(PG) 1 hr. 26 min.
Grade: C

Classic Corner

Die Hard

Twentieth Century Fox

(R) 2 hr. 20 min.

The 1980s was the decade of the action hero with stars like Sylvester Stallone, Arnold Schwarzenegger, Chuck Norris and a host of others righting wrongs, dealing death, and wreaking havoc in cineplexes all across America.

It was an awesome time to be a teenage movie buff, but as much as I love Chuck, Arnie, Sly, for my money the best action flick of the 1980s starred Bruce Willis and Alan Rickman in career defining roles of John McClane and Hans Gruber in “Die Hard.”

Director John McTiernan’s action-thriller is a classic among classics that catapulted Willis from being a TV personality on “Moonlighting” to an out and out movie star of the first order. The script allowed Willis’ charm, charisma, and humor shine while still allowing his McClane to be relatable as a hard-working cop who uses all his wits, guile, and physicality to flaunt a terrorist attack on the Nakatomi Corporation, which employs his wife.

Rickman is just as strong as Willis as Gruber, a German criminal who is masterminding the terrorist heist. For my money, Gruber is one of the best villains in all of movie filmdom. He’s right up there with Mr. Potter from “It’s a Wonderful Life,” Darth Vader from “Star Wars,” and Hannibal Lector in “The Silence of the Lambs.”

In conjunction with Fathom Events, the Malco Razorback Cinema and Grill is showing “Die Hard” on the big screen at 2 p.m. Sunday and 7 p.m. Wednesday in honor of the film’s 30th anniversary.

Batman: Mask of the Phantasm

Warner Bros.

(PG) 1 hr. 16 min.
Until director Christopher Nolan’s instant classic “The Dark Night” opened in 2008, the best Batman movie bar none was the 1993 animated movie “Batman: Mask of the Phantasm.”

The film was an extension of “Batman: the Animated Series” and was directed by the series creators Bruce Timm and Eric Radomski and written by a crew of the series’ best writers in Alan Burnett, Paul Dini, Martin Pasco, and Michael Reeves. The movie featured the voice acting skills of Kevin Conroy as the Batman, Mark Hamill as the Joker as well as the rest of the regulars from the TV show, but it also included notables Dana Delany, Stacy Beach, Abe Vigoda, and Hart Bochner.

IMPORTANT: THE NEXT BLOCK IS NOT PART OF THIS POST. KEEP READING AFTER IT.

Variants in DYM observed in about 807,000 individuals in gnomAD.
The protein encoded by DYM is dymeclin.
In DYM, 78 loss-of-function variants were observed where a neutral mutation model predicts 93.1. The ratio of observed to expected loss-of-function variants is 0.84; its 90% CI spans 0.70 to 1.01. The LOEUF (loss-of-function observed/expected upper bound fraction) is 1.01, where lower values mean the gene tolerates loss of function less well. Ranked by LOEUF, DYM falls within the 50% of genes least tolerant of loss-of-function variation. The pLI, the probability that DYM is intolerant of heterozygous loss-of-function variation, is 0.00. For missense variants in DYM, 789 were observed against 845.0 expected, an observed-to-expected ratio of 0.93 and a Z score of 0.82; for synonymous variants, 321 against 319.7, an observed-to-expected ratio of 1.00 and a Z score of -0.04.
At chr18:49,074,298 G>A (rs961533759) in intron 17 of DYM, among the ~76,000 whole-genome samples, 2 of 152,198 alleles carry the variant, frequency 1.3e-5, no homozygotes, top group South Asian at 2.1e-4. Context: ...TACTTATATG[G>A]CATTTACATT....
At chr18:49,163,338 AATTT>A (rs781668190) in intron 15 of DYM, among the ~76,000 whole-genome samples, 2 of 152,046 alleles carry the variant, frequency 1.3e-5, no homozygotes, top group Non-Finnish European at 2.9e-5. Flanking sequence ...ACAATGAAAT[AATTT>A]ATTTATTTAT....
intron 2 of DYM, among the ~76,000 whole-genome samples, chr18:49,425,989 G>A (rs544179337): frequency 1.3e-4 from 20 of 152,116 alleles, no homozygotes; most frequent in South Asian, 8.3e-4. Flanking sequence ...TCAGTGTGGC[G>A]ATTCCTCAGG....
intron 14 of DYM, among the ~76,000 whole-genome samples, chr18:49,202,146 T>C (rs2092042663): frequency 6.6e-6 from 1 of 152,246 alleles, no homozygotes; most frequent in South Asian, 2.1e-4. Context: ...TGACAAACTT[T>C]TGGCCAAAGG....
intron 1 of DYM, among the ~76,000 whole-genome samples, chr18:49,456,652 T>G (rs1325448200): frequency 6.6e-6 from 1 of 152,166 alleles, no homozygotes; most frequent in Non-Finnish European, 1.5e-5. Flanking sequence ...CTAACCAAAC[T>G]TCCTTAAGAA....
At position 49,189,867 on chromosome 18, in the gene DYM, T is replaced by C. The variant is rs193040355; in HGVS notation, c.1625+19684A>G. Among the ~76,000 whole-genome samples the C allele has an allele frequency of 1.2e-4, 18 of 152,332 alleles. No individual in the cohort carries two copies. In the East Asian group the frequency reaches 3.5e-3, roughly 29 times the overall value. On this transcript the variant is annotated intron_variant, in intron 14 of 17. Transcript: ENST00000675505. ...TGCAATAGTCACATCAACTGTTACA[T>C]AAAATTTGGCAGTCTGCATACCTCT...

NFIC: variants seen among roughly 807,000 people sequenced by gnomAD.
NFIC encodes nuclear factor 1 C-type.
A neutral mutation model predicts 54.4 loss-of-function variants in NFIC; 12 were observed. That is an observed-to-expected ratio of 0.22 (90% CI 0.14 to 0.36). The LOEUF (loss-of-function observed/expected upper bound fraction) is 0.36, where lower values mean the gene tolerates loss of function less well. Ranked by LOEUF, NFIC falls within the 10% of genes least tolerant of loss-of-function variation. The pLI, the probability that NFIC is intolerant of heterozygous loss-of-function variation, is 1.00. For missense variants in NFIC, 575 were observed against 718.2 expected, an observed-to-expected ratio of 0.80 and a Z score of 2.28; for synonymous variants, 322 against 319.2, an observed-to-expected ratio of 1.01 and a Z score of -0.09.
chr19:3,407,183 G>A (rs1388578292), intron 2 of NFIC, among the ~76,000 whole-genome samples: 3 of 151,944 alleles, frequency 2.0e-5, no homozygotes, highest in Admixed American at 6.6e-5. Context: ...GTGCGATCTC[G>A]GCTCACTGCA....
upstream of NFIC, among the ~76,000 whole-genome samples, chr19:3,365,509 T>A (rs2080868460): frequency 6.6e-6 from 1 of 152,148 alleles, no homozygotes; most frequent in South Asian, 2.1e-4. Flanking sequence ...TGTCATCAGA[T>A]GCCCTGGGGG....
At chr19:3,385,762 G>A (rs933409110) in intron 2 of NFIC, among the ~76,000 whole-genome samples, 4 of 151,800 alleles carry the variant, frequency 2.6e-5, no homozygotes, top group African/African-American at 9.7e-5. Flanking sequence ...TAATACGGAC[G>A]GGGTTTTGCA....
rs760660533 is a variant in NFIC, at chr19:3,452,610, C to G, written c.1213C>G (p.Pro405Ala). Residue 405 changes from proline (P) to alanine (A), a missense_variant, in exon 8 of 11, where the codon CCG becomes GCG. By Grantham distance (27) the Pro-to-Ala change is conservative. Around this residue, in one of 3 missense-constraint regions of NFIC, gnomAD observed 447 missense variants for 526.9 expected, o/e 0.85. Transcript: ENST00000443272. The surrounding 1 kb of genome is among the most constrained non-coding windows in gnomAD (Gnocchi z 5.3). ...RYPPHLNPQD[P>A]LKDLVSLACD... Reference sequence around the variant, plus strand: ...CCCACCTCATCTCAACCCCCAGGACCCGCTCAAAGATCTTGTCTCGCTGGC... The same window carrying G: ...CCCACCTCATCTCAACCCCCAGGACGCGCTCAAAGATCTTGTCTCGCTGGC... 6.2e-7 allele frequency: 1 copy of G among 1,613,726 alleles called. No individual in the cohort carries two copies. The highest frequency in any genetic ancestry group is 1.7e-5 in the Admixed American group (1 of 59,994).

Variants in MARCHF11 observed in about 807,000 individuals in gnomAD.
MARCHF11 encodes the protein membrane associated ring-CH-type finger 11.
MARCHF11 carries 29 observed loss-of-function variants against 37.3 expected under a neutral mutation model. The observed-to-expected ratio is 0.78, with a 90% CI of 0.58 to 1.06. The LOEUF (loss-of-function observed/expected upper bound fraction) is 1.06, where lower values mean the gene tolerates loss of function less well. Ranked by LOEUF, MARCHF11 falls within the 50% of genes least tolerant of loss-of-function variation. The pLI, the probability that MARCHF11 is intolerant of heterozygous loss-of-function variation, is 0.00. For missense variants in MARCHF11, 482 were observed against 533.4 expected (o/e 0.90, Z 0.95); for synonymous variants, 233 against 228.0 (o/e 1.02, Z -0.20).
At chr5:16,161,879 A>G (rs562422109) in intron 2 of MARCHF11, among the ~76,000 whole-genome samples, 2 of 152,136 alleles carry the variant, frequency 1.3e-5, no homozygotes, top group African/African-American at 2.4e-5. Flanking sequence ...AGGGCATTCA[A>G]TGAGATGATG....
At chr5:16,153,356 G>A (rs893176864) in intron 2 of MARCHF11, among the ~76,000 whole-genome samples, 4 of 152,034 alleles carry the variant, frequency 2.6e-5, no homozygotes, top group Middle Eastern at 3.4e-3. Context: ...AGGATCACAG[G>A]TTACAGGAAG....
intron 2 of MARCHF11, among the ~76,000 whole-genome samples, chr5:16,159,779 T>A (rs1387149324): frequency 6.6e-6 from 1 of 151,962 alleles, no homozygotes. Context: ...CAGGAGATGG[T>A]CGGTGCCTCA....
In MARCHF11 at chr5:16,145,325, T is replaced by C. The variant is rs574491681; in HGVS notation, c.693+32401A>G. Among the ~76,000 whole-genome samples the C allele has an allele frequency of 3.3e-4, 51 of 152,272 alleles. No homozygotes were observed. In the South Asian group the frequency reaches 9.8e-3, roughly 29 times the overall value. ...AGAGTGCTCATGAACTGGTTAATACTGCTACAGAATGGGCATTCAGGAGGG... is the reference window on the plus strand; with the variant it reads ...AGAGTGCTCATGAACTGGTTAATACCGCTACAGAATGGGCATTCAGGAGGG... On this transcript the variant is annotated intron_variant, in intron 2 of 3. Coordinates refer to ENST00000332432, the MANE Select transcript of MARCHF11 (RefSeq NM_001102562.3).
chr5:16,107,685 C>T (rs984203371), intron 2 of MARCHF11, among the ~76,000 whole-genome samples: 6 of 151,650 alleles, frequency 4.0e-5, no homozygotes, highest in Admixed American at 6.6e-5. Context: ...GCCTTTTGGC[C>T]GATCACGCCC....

Delany voices Andrea Beaumont, a childhood friend that comes back into Bruce Wayne’s life and tempts him to give up his cape-and-cowl crusade for justice.

The movie is partly based on two classic Batman comic-book stories from Batman No. 237 and Batman: Year Two Fear the Reaper in Detective Comes Nos. 575-578, but the added twist makes the story even more compelling.

In the film, Batman is not only challenged by the Joker, but also is tasked with stopping a vengeful murderer who is brutally taking out key members of Gotham City’s underworld.

The story contains all the action, pathos, and heartbreak the has made Batman one of the most popular characters of any medium for generations.

In conjunction with Fathom Events, the Malco Razorback Cinema and Grill is showing “Batman: Mask of the Phantasm” on the big screen at 2 p.m. and 7 p.m. Monday in honor of the film’s 25th anniversary.